Dan Chaon: I wanted to create this effect where multiple things were happening at once. I liked that idea of having almost a split-screen thing. The sophomore in college in me was really thrilled by it. I thought it looked cool. It has parallels across and down. I feel good about it. I know some readers will be like: ‘Hmm. Pretentious. Weird.” But I don’t care.
Amy Steele: It provides more information. You have the text messages and all this other stuff.
Dan Chaon: That felt organic. It’s part of our daily life. Sometimes you shouldn’t do things that are too contemporary and date the book and make it less universal. It’s true to some extent that texting maybe in five years won’t be a thing or people won’t use Facebook as much any more. If you leave it out you’re leaving out a big chunk of what it’s like to be alive today.
Amy Steele: You have to stay true to the time period and be representing whatever time it is.
Dan Chaon: I also feel like there’s something about that mode of communication that fits with the elliptical quality of the book. It feels like it fits with the mood of the book. All those ghostly floating balloons on the page.
Amy Steele: It’s really dark. How did you get to that point? [note: asks the woman who is extremely dark in mood and interests]. I feel like your other work wasn’t as dark.
Dan Chaon: Oh really. You think this is the darkest?
Amy Steele: It’s pretty dark. Have you read David Vann? I really like David Vann. Very dark.
Dan Chaon: David Vann’s dark feels heavier and more serious in some ways. There’s an element here that’s a little more playful. I think Aaron is often funny and Rusty’s funny. There’s still a more playful quality to this than any of my other novels. It’s both darker and a little more comic in some weird way.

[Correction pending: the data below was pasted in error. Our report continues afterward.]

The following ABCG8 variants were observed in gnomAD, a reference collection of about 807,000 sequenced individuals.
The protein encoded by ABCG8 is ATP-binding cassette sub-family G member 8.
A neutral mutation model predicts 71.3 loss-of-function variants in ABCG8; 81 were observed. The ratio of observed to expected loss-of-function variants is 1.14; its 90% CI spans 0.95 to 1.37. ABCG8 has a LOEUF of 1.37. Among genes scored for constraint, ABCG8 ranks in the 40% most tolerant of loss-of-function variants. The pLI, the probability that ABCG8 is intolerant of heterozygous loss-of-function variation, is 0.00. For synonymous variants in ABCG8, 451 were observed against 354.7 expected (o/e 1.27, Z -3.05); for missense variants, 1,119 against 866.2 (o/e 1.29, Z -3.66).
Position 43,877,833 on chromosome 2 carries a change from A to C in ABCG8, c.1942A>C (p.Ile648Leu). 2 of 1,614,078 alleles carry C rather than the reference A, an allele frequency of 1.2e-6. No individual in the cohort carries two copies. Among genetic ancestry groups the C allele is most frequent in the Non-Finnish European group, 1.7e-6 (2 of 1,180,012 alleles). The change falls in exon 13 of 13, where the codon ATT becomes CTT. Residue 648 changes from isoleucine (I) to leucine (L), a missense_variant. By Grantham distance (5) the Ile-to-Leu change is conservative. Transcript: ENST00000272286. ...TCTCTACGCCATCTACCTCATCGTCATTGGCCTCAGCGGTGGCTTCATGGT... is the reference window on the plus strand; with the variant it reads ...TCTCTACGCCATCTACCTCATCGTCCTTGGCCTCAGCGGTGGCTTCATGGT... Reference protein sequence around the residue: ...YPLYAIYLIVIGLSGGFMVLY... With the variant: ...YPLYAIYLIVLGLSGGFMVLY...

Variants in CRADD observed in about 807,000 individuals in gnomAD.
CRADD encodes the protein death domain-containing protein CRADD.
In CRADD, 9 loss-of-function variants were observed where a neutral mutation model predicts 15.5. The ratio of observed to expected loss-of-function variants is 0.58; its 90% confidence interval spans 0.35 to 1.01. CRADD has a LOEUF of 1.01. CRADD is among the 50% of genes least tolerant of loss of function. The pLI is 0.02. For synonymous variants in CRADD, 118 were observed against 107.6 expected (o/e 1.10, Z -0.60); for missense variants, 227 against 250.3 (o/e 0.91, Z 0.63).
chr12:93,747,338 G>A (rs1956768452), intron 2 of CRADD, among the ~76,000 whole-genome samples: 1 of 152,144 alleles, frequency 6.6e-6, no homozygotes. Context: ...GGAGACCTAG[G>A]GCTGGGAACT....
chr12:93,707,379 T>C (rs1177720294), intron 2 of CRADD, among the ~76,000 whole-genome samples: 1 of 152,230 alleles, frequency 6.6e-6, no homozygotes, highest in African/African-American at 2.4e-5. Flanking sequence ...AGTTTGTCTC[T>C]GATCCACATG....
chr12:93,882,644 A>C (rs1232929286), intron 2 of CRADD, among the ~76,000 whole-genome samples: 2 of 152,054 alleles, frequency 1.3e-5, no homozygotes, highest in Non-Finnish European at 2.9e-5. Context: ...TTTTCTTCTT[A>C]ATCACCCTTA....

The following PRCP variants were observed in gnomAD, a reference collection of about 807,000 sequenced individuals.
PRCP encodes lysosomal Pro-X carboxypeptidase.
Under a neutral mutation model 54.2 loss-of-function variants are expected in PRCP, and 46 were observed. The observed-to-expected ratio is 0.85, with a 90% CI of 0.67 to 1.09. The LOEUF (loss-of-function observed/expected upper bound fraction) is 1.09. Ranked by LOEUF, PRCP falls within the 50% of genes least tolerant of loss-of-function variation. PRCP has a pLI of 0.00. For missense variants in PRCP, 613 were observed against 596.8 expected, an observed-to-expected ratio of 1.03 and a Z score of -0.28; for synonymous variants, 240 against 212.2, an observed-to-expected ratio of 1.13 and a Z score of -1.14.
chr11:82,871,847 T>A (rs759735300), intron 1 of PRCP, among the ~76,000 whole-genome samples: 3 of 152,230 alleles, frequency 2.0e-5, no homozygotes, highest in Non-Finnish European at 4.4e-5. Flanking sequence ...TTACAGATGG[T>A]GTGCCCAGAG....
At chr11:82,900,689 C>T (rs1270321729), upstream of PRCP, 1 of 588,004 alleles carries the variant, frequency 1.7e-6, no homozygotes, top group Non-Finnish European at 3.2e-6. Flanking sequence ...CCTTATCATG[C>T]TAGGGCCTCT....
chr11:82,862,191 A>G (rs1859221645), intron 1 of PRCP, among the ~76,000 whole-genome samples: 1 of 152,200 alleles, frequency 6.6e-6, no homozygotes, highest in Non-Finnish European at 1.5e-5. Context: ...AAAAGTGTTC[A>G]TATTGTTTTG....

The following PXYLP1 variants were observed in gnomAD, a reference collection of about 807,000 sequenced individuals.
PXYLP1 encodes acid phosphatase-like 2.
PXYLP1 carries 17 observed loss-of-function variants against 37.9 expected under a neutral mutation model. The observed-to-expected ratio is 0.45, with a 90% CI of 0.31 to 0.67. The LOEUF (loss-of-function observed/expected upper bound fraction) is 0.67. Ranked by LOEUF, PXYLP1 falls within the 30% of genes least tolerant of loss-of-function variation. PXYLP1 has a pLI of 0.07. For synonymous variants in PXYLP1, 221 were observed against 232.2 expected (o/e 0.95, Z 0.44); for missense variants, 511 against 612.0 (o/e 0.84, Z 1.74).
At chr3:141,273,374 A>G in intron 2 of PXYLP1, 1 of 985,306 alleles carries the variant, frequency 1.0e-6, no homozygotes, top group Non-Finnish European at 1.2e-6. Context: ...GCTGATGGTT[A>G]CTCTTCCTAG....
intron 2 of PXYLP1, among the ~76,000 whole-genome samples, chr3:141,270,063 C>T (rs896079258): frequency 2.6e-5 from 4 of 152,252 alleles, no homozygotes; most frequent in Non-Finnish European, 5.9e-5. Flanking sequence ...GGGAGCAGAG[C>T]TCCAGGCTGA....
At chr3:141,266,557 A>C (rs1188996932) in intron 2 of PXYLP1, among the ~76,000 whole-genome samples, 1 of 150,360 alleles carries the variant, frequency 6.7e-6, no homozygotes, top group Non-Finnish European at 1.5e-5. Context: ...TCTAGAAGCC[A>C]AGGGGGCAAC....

Amy Steele: How do you keep track of different characters and flipping back and forth with the time? Did you know how it would end up?
Dan Chaon: There were definitely surprises along the way. I did a timeline for when everybody was born and different stuff happened because it’s covering 30 years. I knew I wanted to have multiple points of view so I blocked it out so each character would have their own section. And then I started to write the different sections and see how they rubbed up against each other. The second section with Dustin as a kid was the first section I wrote. Aaron came late in a weird way and I wasn’t expecting him to be such a huge part of the story until I feel in love with his voice.
I also felt really compelled to write about heroin addiction. It’s really been a scourge here. My students have friends that are overdosing and it seems like it suddenly has become this middle-class thing and it wasn’t when I was growing up it– like Kurt Cobain but not college kids. Something about Aaron’s voice and the way he was dealing with grief was really compelling to me. In the end I ended up giving him half the book when I was originally just planning on him having one section.